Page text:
Friday, September 27, 2013

Fun Halloween Crafts for Kids

Get ready, as Halloween is coming on the 31st of October. What a wonderful family holiday; a perfect time for parents and children to spend time together carving pumpkins, designing costumes and planning trick-or-treat activities. Kids can lose themselves in fun without having to worry about normal, proper behavior. They can act out their fantasies, dreams and imaginations, it's OK because it's Halloween. Spend good days together making these fun Halloween crafts for children.

Make a Bat with Hands
Make use of a child's hands to make this fun Halloween bat. Trace each hand onto black poster board, heavy construction paper or fun foam. Then cut out a headpiece with pointed ears. Assemble the pieces with glue or tape. The handprints are the bat's wings. Decorate the head with googly eyes (or paper ones), a pompom nose, and a freaky mouth cut from white paper. Add a yarn or ribbon loop at the top to hang this bat decoration around the house.

Halloween Tic-Tac-Toe
Take the traditional tic-tac-toe game and give it a Halloween flair. Cut a large pumpkin from a sheet of orange poster board. Draw the game grid with a black marker. Cut game markers (in Halloween shapes) from construction paper. Another good tip is to use your computer and find clip art that would serve as markers, you need at least five markers of two different shapes. Preserve your game board and pieces covering them with clear plastic adhesive paper if you wish. Enjoy playing this game with the children and think about how this game can be made for other holidays too.

Photos courtesy of Tania Cowling, all rights reserved

Use the month of October to make crafts and decorate the home or classroom. Have fun bonding with your children and give them big hugs!


Wednesday, September 4, 2013

National Grandparents Day is Coming (September 8, 2013)

Grandparents are a part of a person's heritage and essential members of families and communities. That is why a special day, National Grandparent's Day, is set aside every year to honor them. This day is celebrated on the first Sunday after Labor Day (in September).

Children Question About Childhoods

Children are naturally curious about themselves and often ask questions about their parents’ and grandparents’ childhoods. Were they the same or different than what children experience? It’s sometimes hard for a child to envision a grandparent as a kid, but stories about life “way back when” help the child to connect to the family.
Help children understand their unique background or heritage by bonding and doing these activities together.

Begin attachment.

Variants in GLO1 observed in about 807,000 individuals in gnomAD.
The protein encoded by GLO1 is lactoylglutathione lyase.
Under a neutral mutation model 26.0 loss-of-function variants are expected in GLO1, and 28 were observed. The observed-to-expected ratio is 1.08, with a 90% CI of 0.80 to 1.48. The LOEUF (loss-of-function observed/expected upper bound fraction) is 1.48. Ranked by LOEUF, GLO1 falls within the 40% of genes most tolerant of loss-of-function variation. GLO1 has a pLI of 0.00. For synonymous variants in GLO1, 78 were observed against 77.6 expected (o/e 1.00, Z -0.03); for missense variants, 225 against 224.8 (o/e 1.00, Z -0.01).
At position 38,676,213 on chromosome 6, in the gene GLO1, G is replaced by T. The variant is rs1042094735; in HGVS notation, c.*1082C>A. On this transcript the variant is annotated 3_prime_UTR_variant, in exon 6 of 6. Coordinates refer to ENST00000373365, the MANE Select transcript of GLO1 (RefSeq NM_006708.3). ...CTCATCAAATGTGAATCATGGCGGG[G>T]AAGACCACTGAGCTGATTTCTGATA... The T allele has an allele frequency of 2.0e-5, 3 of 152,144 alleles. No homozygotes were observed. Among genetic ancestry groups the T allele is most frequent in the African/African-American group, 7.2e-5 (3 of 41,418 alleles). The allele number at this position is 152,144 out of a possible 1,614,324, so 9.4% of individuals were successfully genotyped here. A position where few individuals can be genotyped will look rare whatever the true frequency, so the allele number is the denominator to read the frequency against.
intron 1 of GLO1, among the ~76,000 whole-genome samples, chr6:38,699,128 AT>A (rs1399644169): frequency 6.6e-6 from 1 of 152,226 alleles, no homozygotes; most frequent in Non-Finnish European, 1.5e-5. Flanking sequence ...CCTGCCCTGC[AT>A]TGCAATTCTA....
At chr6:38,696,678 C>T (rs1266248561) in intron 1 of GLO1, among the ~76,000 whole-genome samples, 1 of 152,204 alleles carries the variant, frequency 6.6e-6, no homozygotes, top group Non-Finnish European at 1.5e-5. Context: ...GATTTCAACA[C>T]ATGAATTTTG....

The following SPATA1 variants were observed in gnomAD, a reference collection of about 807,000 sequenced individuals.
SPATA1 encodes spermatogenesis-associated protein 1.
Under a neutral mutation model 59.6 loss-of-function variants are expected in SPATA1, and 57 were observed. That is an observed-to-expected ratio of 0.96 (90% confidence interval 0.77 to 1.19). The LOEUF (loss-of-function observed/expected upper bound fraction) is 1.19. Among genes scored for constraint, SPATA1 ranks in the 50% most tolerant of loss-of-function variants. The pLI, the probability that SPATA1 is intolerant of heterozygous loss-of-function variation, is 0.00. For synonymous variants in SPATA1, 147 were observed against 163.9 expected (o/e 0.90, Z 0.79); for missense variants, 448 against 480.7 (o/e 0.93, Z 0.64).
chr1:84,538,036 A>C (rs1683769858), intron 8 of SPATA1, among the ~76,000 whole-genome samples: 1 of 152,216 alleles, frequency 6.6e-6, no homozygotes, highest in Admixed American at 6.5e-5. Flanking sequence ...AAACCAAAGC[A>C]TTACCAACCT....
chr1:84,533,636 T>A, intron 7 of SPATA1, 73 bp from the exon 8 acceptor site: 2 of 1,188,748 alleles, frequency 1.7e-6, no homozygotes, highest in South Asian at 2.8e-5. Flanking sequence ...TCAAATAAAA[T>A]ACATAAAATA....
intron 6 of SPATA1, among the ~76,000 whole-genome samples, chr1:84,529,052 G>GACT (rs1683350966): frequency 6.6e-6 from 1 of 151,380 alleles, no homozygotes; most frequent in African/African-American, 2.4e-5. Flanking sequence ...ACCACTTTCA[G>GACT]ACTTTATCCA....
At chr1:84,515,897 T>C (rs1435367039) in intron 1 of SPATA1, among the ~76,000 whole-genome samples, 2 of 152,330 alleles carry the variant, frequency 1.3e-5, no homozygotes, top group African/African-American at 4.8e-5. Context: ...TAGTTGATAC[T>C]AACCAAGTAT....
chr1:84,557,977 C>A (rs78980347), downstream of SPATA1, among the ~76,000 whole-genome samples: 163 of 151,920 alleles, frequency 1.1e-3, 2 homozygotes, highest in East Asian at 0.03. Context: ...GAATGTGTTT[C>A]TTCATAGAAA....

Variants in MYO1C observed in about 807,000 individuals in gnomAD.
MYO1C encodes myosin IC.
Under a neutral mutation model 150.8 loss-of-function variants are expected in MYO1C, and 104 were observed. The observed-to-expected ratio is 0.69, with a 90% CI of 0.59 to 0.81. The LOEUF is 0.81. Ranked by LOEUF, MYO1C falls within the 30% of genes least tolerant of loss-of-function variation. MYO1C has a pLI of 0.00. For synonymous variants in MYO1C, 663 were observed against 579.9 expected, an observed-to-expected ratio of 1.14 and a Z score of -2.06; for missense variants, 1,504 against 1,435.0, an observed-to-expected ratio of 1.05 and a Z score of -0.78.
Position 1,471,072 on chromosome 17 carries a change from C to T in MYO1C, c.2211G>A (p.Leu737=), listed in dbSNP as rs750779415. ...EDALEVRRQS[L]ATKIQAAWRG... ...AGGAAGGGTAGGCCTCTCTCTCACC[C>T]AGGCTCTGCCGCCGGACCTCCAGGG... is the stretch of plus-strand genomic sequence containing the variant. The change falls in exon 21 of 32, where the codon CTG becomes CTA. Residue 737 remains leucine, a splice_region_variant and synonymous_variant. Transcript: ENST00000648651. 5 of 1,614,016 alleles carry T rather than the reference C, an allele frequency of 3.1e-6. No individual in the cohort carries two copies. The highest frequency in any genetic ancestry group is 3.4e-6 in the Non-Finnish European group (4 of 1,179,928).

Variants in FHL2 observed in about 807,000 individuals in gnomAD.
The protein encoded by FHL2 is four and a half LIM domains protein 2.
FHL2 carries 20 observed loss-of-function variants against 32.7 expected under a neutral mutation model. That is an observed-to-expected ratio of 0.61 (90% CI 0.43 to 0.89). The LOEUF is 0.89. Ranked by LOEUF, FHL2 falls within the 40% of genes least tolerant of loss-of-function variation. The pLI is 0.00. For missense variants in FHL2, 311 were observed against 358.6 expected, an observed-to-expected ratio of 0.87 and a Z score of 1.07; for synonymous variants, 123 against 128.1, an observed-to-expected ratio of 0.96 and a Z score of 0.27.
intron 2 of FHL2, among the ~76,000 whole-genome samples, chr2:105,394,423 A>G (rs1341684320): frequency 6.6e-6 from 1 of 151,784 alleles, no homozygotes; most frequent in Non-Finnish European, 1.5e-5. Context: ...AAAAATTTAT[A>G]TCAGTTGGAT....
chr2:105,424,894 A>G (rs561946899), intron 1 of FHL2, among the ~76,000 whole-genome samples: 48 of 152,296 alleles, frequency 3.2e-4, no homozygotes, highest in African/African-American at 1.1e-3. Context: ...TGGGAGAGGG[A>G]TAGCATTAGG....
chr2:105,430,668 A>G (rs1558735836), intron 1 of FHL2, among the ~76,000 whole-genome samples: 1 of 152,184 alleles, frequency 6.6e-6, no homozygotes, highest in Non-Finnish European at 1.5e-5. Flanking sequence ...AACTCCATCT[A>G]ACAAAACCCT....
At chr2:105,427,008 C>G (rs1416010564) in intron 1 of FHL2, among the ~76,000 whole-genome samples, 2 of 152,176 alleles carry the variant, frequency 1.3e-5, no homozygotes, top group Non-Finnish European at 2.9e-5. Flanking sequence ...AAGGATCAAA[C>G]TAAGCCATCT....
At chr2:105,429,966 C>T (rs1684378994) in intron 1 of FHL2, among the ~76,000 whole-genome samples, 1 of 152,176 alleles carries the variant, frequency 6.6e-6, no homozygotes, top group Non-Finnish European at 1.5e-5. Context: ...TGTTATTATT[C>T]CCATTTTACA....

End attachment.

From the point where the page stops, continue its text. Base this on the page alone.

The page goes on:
• On a World or United States map, place a sticker on each town or country where the ancestors lived. Rent or check out a video from the library to view the ancestor’s homeland.
  • Create a family tree using photographs. This is a great art project. Help children look for similar physical characteristics between the generations.
  • Share favorite childhood foods. Parents can prepare a recipe that was a favorite when they were young. A grandparent who is local can make a favorite recipe as well. Create a family cookbook together.
  • Bring out the box of pictures and spend a day looking at ancestors. Grandparents can find photos when they were young. Help children identify older people in the photographs and explain their relationship to the family.
  • Teach the children a game that was popular “way back when”.
  • Older children might enjoy learning their ancestral language. Start out with a few common words. There are books and tapes available at most public libraries or bookstores that can teach the basics of other languages.
  • Bring out cultural memorabilia, such as dolls, toys, plates, etc. for the children to view. Try making a cultural craft from the ancestral country.

Make a Family Collage
Materials needed:
  • Photos or photocopies
  • Glue or glue stick
  • Colored construction paper
  • Marker
Bring out the box of photos again, and let the children make a photo collage on poster board or even cover a box with colored paper and make a photo block. If there aren't duplicate pictures, think about making color photocopies for the kids to use. Shapes of colored construction paper make great frames and backing for the pictures. Label the project by the child’s name, like "Tara’s Family". Make sure the child recognizes each person in the photos. Use old photos from the past and incorporate newer ones as well. This makes a great genealogy lesson!
Another variation is to cover a coffee can with colorful construction paper. Now, glue on favorite family photos. Fill the can with baked cookies or candy and present this gift to the grandparents.
As grandparents and children spend time together and get to know each other; this creates a bond that cannot be duplicated. Children will preserve these memories for life.
Make sure to mark this date and spend time with your child's grandparents -- near or far. If they are not close by, don't forget to make a phone call, Skype, send an email or a card by snail mail. Let your children cherish their grandparents as this part of their childhood is so important. Take pictures for lasting memories. 
Until next week - enjoy this lesson and hug those precious children,
 Photo courtesy of Flickr